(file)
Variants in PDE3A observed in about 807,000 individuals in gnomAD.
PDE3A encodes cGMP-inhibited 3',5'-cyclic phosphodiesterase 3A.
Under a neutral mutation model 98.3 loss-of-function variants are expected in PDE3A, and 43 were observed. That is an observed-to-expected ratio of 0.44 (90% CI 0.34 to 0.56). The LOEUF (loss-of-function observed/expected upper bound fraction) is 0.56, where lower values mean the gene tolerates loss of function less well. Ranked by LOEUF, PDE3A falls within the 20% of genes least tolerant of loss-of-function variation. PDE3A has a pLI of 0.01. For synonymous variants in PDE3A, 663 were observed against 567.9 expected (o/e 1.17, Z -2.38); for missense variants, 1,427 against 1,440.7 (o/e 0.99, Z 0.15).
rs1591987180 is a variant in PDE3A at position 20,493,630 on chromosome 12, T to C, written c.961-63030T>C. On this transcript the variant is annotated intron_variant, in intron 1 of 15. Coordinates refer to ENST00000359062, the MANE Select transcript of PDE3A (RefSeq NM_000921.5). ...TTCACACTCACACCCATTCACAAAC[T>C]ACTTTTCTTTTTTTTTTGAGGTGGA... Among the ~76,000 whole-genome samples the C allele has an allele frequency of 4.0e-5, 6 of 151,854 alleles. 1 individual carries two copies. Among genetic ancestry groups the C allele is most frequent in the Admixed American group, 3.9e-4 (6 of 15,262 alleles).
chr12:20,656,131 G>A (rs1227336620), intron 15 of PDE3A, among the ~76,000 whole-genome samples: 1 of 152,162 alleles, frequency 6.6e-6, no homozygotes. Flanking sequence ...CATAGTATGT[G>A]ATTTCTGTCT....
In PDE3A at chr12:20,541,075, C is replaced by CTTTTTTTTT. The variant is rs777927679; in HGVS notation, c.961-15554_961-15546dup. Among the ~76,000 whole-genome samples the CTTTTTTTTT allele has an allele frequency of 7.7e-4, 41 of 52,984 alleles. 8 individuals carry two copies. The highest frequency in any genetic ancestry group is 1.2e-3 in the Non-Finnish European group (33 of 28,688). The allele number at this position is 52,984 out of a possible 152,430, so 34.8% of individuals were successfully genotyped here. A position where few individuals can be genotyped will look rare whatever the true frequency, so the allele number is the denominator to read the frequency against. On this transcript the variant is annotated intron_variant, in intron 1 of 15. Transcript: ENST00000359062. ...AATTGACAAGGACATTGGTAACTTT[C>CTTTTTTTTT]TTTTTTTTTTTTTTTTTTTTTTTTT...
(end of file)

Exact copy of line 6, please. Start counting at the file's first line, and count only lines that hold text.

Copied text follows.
In PDE3A at chr12:20,541,075, C is replaced by CTTTTTTTTT. The variant is rs777927679; in HGVS notation, c.961-15554_961-15546dup. Among the ~76,000 whole-genome samples the CTTTTTTTTT allele has an allele frequency of 7.7e-4, 41 of 52,984 alleles. 8 individuals carry two copies. The highest frequency in any genetic ancestry group is 1.2e-3 in the Non-Finnish European group (33 of 28,688). The allele number at this position is 52,984 out of a possible 152,430, so 34.8% of individuals were successfully genotyped here. A position where few individuals can be genotyped will look rare whatever the true frequency, so the allele number is the denominator to read the frequency against. On this transcript the variant is annotated intron_variant, in intron 1 of 15. Transcript: ENST00000359062. ...AATTGACAAGGACATTGGTAACTTT[C>CTTTTTTTTT]TTTTTTTTTTTTTTTTTTTTTTTTT...